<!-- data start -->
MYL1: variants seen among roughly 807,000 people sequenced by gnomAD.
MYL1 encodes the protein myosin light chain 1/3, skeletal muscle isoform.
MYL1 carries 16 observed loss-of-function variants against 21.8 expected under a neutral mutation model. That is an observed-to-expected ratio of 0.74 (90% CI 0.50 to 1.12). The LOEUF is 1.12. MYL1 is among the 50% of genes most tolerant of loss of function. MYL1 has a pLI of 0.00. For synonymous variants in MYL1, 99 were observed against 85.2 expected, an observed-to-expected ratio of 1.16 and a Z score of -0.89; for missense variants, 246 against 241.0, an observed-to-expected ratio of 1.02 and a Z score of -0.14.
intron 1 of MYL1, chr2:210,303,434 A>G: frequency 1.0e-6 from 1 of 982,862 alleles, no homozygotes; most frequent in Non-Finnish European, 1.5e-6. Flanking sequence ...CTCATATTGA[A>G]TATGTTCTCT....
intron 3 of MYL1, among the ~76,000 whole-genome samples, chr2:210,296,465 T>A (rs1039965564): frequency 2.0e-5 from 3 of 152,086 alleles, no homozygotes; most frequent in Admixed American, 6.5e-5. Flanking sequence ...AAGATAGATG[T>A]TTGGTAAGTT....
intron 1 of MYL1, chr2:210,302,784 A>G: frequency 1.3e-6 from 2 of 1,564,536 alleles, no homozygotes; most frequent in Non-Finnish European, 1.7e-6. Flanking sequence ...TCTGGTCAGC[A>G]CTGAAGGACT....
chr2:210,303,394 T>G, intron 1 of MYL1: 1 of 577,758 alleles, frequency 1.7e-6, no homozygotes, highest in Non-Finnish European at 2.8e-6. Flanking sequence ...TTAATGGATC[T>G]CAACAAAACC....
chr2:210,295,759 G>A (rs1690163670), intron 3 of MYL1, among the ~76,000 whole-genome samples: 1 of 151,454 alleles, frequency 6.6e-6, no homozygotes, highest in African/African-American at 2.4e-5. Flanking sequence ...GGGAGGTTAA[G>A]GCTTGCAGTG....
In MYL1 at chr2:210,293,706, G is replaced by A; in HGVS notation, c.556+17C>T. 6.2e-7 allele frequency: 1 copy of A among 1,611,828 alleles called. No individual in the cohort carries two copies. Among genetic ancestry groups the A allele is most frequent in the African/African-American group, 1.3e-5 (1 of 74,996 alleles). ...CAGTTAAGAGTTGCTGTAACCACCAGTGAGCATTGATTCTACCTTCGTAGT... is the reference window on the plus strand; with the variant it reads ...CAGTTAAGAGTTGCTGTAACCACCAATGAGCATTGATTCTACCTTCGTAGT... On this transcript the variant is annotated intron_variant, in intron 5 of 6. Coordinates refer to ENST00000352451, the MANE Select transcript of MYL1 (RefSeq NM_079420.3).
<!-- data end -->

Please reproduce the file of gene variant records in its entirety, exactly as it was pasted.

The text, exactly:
MYL1: variants seen among roughly 807,000 people sequenced by gnomAD.
MYL1 encodes the protein myosin light chain 1/3, skeletal muscle isoform.
MYL1 carries 16 observed loss-of-function variants against 21.8 expected under a neutral mutation model. That is an observed-to-expected ratio of 0.74 (90% CI 0.50 to 1.12). The LOEUF is 1.12. MYL1 is among the 50% of genes most tolerant of loss of function. MYL1 has a pLI of 0.00. For synonymous variants in MYL1, 99 were observed against 85.2 expected, an observed-to-expected ratio of 1.16 and a Z score of -0.89; for missense variants, 246 against 241.0, an observed-to-expected ratio of 1.02 and a Z score of -0.14.
intron 1 of MYL1, chr2:210,303,434 A>G: frequency 1.0e-6 from 1 of 982,862 alleles, no homozygotes; most frequent in Non-Finnish European, 1.5e-6. Flanking sequence ...CTCATATTGA[A>G]TATGTTCTCT....
intron 3 of MYL1, among the ~76,000 whole-genome samples, chr2:210,296,465 T>A (rs1039965564): frequency 2.0e-5 from 3 of 152,086 alleles, no homozygotes; most frequent in Admixed American, 6.5e-5. Flanking sequence ...AAGATAGATG[T>A]TTGGTAAGTT....
intron 1 of MYL1, chr2:210,302,784 A>G: frequency 1.3e-6 from 2 of 1,564,536 alleles, no homozygotes; most frequent in Non-Finnish European, 1.7e-6. Flanking sequence ...TCTGGTCAGC[A>G]CTGAAGGACT....
chr2:210,303,394 T>G, intron 1 of MYL1: 1 of 577,758 alleles, frequency 1.7e-6, no homozygotes, highest in Non-Finnish European at 2.8e-6. Flanking sequence ...TTAATGGATC[T>G]CAACAAAACC....
chr2:210,295,759 G>A (rs1690163670), intron 3 of MYL1, among the ~76,000 whole-genome samples: 1 of 151,454 alleles, frequency 6.6e-6, no homozygotes, highest in African/African-American at 2.4e-5. Flanking sequence ...GGGAGGTTAA[G>A]GCTTGCAGTG....
In MYL1 at chr2:210,293,706, G is replaced by A; in HGVS notation, c.556+17C>T. 6.2e-7 allele frequency: 1 copy of A among 1,611,828 alleles called. No individual in the cohort carries two copies. Among genetic ancestry groups the A allele is most frequent in the African/African-American group, 1.3e-5 (1 of 74,996 alleles). ...CAGTTAAGAGTTGCTGTAACCACCAGTGAGCATTGATTCTACCTTCGTAGT... is the reference window on the plus strand; with the variant it reads ...CAGTTAAGAGTTGCTGTAACCACCAATGAGCATTGATTCTACCTTCGTAGT... On this transcript the variant is annotated intron_variant, in intron 5 of 6. Coordinates refer to ENST00000352451, the MANE Select transcript of MYL1 (RefSeq NM_079420.3).